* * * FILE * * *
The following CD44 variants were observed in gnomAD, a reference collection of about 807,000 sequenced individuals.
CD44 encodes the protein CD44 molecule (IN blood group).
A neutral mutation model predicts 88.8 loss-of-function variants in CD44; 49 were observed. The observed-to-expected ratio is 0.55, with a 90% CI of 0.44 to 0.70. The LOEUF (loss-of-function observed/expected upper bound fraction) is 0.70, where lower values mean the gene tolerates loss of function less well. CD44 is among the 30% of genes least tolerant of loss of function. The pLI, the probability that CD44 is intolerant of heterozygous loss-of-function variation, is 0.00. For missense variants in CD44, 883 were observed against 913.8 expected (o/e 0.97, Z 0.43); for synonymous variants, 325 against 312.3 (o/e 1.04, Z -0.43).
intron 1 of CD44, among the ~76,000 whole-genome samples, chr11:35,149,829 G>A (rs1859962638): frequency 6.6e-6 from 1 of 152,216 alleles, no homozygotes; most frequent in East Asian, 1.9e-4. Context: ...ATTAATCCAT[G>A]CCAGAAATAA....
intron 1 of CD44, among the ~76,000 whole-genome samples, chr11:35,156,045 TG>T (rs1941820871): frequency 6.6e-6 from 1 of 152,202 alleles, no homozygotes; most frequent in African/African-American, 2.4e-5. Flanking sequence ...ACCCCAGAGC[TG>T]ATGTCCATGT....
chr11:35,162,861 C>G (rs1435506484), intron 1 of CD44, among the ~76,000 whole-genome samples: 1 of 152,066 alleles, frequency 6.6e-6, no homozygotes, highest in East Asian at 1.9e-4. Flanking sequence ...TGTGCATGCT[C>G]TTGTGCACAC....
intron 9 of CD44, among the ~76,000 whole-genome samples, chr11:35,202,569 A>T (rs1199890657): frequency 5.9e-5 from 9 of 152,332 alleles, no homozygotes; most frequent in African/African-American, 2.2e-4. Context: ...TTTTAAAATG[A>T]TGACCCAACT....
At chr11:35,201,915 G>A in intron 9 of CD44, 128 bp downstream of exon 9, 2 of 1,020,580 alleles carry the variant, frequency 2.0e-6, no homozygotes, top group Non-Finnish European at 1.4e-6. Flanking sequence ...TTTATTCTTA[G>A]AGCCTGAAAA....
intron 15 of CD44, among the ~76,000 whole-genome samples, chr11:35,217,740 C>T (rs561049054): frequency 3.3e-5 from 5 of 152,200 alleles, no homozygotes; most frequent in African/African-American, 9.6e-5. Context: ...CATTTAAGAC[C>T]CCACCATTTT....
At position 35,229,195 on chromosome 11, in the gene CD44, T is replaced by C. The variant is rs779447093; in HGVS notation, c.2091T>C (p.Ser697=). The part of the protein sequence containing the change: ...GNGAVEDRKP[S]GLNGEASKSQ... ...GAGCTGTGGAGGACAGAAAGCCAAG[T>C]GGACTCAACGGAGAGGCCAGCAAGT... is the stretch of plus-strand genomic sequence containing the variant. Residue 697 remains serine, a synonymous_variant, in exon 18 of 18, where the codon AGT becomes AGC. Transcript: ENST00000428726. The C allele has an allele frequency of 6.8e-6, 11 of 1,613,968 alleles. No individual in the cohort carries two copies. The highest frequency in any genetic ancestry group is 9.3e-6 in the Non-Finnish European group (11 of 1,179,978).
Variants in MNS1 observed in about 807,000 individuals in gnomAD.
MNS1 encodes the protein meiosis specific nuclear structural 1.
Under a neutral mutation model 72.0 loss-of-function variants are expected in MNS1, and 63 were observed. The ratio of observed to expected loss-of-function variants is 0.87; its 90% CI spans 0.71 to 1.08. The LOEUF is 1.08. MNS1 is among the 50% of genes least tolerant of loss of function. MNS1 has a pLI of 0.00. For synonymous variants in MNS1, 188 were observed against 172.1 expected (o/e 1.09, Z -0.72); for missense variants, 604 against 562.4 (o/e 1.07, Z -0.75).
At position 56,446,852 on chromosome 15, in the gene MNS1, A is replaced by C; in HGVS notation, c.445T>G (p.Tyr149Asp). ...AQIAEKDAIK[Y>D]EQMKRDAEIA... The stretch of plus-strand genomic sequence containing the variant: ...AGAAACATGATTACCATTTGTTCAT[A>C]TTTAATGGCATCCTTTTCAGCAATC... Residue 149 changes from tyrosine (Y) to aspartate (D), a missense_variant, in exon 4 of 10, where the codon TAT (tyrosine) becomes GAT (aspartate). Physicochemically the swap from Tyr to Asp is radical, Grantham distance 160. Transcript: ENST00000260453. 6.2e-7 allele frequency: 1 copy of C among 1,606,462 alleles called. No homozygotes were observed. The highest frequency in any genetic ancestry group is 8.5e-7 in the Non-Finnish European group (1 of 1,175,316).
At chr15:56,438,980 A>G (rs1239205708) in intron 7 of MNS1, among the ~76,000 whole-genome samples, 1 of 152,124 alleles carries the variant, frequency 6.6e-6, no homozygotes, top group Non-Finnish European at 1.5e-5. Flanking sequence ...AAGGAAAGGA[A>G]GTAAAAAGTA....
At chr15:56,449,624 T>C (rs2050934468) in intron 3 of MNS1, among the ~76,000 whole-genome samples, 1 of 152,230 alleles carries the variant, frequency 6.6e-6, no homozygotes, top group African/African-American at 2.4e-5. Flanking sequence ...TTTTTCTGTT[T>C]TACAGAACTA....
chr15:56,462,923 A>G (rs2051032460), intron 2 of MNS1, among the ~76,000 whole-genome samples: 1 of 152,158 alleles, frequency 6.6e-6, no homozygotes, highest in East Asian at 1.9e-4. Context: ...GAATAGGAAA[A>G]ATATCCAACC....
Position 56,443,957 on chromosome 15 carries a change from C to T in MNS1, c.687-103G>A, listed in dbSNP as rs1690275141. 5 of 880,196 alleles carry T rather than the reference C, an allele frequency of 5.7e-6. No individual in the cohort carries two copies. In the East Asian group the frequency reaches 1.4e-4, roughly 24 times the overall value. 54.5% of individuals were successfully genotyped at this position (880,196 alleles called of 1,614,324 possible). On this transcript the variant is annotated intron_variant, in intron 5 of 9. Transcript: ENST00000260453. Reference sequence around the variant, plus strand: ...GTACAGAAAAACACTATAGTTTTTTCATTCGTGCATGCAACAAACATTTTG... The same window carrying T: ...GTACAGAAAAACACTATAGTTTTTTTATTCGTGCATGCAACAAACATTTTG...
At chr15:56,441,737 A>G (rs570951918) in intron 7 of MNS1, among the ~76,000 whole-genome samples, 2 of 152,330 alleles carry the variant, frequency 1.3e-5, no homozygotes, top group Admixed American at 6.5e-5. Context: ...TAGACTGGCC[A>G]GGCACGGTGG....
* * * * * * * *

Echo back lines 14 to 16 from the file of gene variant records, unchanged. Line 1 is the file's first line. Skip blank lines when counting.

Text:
At position 56,446,852 on chromosome 15, in the gene MNS1, A is replaced by C; in HGVS notation, c.445T>G (p.Tyr149Asp). ...AQIAEKDAIK[Y>D]EQMKRDAEIA... The stretch of plus-strand genomic sequence containing the variant: ...AGAAACATGATTACCATTTGTTCAT[A>C]TTTAATGGCATCCTTTTCAGCAATC... Residue 149 changes from tyrosine (Y) to aspartate (D), a missense_variant, in exon 4 of 10, where the codon TAT (tyrosine) becomes GAT (aspartate). Physicochemically the swap from Tyr to Asp is radical, Grantham distance 160. Transcript: ENST00000260453. 6.2e-7 allele frequency: 1 copy of C among 1,606,462 alleles called. No homozygotes were observed. The highest frequency in any genetic ancestry group is 8.5e-7 in the Non-Finnish European group (1 of 1,175,316).
At chr15:56,438,980 A>G (rs1239205708) in intron 7 of MNS1, among the ~76,000 whole-genome samples, 1 of 152,124 alleles carries the variant, frequency 6.6e-6, no homozygotes, top group Non-Finnish European at 1.5e-5. Flanking sequence ...AAGGAAAGGA[A>G]GTAAAAAGTA....
At chr15:56,449,624 T>C (rs2050934468) in intron 3 of MNS1, among the ~76,000 whole-genome samples, 1 of 152,230 alleles carries the variant, frequency 6.6e-6, no homozygotes, top group African/African-American at 2.4e-5. Flanking sequence ...TTTTTCTGTT[T>C]TACAGAACTA....